And so far, the care to animals that I've seen here sucks. And I moved here from ANOTHER RURAL, no city, no suburban area, and the care was generally good. But it was ONLY my opinion, but based on my observations, how could I think any different?? We've already had another stray dog come, this time with no tag and it was malnourished, injured, and unaltered too, and then several stray cats with fleas, ticks and unaltered. Oh, and a horse that's basically on death's door. Hard not to feel a little upset about it.
     
    11-11-2011, 11:52 AM
  #8
Trained
Siiiiigh. You need to go find a hobby and keep yourself to yourself and out of other people's business. Yes, that old horse may be starving and dying and you've reported it to ACO, you've done what's to be done. And he may be terminally OLD, with Cushings or some metabolic disorder and no matter what or how much is fed cannot digest properly and thus the results you see. You don't KNOW and you obviously don't care to slow your high speed wobble down enough to LEARN. You've left your note, they didn't respond. Leave it.

In my neck of the woods the horse is PROPERTY to be dealt with as I see fit. I feed mine, but the law only requires me to have feed available, not actually feed it. You are probably running up against something like that in your state. If ACO goes out and the owner has hay and/or grain on the property and water on the property (not necessarily even where they horse can get it), their hands may be tied until and unless they see a dead animal in a pasture.

Is it right? NO Can I do anything to change it? NO, not here anyhow. Legally you can lobby for better laws statewide, but that's about the size of it.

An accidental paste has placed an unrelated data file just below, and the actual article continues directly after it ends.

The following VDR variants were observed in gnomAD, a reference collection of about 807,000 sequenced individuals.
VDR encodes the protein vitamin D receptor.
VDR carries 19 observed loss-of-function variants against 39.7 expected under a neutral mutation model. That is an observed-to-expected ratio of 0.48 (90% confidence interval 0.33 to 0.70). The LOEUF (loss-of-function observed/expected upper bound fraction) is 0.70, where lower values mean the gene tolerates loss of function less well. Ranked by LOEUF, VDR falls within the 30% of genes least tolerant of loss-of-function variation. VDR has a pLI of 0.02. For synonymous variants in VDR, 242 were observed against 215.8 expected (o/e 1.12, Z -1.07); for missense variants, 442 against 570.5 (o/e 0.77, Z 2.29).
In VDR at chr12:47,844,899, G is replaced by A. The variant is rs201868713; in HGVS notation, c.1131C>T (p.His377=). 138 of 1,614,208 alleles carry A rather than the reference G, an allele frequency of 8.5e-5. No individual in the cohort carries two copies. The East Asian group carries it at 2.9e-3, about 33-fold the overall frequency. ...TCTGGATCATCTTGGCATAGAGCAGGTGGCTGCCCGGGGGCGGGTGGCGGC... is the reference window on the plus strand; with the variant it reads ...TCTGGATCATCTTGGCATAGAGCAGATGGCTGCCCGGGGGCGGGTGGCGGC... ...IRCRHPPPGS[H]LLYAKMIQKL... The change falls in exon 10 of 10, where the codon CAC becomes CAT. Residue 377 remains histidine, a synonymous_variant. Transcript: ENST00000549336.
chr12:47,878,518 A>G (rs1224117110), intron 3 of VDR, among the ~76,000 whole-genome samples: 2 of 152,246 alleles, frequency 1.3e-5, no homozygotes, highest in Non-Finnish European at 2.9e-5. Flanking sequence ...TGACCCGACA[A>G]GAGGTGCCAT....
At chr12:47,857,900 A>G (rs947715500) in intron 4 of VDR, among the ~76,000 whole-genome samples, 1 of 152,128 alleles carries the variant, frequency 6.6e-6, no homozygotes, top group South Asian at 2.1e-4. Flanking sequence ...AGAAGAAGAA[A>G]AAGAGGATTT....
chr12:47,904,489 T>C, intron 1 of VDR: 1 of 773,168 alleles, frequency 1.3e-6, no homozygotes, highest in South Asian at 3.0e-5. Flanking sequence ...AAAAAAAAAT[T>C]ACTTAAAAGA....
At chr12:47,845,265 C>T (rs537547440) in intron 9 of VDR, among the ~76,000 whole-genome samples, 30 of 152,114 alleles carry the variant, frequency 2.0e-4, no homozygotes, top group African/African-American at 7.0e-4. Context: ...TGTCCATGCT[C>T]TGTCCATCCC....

palominolover likes this.
     
    11-11-2011, 11:55 AM
  #9
Banned
Quote:
Originally Posted by 2SCHorses    

As for the horse, I never meant I was going to steal it! I was wondering how to get the AUTHORITIES to take it to a horse shelter. I'm not a thief, despite what you think about the dog situation. And, yes, I left the people a letter in their mailbox with my number if they were interested in finding the horse a home and left my cell number. It was a NICE letter, too. After that, I called AC. So far, nothing. And he is in a bad way. No run in shed, no round bale. Really? I guess you think that's OK for a skin and bones horse? It is COLD at night. No run in shed, no blanket. Really?

And so far, the care to animals that I've seen here sucks. And I moved here from ANOTHER RURAL, no city, no suburban area, and the care was generally good. But it was ONLY my opinion, but based on my observations, how could I think any different?? We've already had another stray dog come, this time with no tag and it was malnourished, injured, and unaltered too, and then several stray cats with fleas, ticks and unaltered. Oh, and a horse that's basically on death's door. Hard not to feel a little upset about it.

I mean this in a nice way, but you stated that he had lots of grass, but wasn't eating it? I live in NC, and the weather here is still good for grazing (my mare does.), maybe this horse is a rescue and he ate all the grass he wanted for now and was taking a break. Indie does that, she'll just doze off in pasture after eating for a good eight hours straight

As for no run in, well I don't have one either. Does he have trees? That's all I've used for three years and never had a problem. While I personally would have blanketed him, that isn't my call. As long as he has grass I wouldn't be upset.